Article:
Unlike the old days, like three years ago, none of the new food trucks have that thing that special zing that the veteran trucks have. All the new trucks just try to copy the old trucks, like another grilled cheese truck, another Korean fusion Mexican fusion Asian fusion truck.

The last big food truck that caught my attention was the Lobsta truck. And even the competitor, Cousins Maine lobster truck. I want wow! I want something that’s different. The only thing that’s new is a pudding truck that I want to try. Otherwise there’s nothing really newsworthy in the Gourmet Food Truck world in LA or Orange County.

Michelle Reynoso of Looking for Food Trucks, a blog that does an incredible job featuring mobile food vendors across Southern California.

The first thing I’d say that really helps me as a blogger is when food trucks are good about posting their schedule and staying true to that schedule. There have been several occasions where I’ve gone to find a food truck, only for them to not be there where and when they should be. It’s really frustrating and doesn’t get me too excited about having to try to track them down again.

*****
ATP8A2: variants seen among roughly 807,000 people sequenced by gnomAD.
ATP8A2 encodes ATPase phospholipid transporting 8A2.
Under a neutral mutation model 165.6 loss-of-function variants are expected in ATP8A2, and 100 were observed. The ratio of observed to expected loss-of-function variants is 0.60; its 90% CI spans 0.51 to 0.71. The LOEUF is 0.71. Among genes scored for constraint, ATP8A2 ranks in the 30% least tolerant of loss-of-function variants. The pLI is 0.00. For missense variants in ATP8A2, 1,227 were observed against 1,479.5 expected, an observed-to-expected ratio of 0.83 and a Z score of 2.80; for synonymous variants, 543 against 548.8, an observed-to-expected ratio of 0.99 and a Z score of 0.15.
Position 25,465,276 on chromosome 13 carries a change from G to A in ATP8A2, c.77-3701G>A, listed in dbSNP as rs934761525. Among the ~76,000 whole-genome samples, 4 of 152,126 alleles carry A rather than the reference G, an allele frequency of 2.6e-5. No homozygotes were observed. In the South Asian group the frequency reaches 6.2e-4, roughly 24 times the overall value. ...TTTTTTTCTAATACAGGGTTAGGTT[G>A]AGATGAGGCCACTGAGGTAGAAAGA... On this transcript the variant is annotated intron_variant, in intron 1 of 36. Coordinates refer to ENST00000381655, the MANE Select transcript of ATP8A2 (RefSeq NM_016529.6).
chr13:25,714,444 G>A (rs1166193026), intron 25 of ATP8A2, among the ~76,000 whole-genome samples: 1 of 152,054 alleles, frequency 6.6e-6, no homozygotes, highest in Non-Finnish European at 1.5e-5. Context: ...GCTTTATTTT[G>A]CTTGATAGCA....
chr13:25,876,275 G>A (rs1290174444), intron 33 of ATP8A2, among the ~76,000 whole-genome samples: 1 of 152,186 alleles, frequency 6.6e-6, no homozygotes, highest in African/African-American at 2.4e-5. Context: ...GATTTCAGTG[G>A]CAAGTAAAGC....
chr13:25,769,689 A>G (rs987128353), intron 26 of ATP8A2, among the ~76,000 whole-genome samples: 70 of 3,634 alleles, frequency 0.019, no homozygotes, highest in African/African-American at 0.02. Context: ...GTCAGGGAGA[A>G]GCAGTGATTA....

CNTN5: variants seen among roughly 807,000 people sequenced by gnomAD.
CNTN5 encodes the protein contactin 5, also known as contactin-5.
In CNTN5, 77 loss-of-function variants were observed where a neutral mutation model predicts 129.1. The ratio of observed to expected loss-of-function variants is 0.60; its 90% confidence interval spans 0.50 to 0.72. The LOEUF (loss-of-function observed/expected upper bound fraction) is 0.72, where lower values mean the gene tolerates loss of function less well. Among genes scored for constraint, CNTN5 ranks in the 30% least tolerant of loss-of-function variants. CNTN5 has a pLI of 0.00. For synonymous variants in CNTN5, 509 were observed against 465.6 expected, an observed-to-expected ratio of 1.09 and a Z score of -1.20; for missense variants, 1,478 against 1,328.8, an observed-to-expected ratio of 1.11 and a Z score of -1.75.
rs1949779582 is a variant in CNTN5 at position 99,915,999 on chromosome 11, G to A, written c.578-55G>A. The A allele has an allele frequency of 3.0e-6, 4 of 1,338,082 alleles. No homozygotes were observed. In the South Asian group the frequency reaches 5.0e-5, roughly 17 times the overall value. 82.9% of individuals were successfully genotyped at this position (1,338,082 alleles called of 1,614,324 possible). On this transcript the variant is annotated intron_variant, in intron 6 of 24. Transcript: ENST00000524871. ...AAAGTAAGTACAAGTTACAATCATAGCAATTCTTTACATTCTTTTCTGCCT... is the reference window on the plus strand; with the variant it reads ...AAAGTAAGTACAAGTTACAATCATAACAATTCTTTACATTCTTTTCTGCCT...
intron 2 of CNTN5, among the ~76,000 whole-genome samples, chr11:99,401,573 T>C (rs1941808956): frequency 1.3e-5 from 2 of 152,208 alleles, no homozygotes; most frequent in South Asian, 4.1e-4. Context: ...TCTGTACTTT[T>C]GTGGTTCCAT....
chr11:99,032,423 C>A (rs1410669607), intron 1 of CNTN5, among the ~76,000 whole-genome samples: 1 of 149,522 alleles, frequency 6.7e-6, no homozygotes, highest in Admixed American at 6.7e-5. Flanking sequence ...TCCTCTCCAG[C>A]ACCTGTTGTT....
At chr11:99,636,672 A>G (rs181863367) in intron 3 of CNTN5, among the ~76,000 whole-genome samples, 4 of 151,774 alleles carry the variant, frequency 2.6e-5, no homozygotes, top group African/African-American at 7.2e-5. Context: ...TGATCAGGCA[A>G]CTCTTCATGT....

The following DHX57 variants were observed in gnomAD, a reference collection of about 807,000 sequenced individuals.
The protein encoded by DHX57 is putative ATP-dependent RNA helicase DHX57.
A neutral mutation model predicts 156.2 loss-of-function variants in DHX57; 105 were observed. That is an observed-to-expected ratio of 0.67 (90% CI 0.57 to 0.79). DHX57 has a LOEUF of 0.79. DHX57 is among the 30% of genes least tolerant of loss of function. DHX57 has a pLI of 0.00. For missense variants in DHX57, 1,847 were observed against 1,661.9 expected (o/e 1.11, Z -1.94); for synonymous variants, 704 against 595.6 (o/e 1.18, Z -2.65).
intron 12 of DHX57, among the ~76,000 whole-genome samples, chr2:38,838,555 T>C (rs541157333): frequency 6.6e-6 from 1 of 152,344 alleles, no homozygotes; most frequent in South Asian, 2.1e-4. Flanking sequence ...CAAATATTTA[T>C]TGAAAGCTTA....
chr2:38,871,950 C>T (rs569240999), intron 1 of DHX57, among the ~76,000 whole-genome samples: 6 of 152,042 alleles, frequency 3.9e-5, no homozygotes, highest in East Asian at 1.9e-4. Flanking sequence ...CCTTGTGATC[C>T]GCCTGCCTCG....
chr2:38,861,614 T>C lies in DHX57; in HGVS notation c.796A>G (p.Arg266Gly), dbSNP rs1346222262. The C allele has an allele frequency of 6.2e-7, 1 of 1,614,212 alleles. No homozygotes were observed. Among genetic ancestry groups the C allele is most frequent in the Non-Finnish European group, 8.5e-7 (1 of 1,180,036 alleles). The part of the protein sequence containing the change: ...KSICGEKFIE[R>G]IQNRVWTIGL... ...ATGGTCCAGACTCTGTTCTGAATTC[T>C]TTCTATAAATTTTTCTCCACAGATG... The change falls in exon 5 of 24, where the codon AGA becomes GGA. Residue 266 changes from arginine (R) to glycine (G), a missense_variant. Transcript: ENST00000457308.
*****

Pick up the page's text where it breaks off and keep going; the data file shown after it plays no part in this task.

Of course, trucks deal with many factors that might affect their schedule, which is why I think it’s so important for food trucks to be interacting on social media. I always check a truck’s Twitter feed and Facebook page before I visit them, and if they’re having problems or delays, it makes it easier for me to plan and adjust my schedule accordingly. Trucks with a strong social media presence also improve my chances of interacting with them after my initial visit. If I see a truck is doing a lot on Twitter, I’ll be more likely to call them out, retweet their posts, tag them in my future review, and build a relationship.

Practical matters aside, there are definitely certain food trucks I am more excited to review and write about than others. The food trucks that get my attention are those that are experimenting a lot and trying something different. When I see a cool or innovative menu item, I know I’m going to enjoy that food truck visit because they’ll have a dish I’ve never seen before, and what’s better than that?

Megan Marrs from the Boston Food Truck Blog. Check out her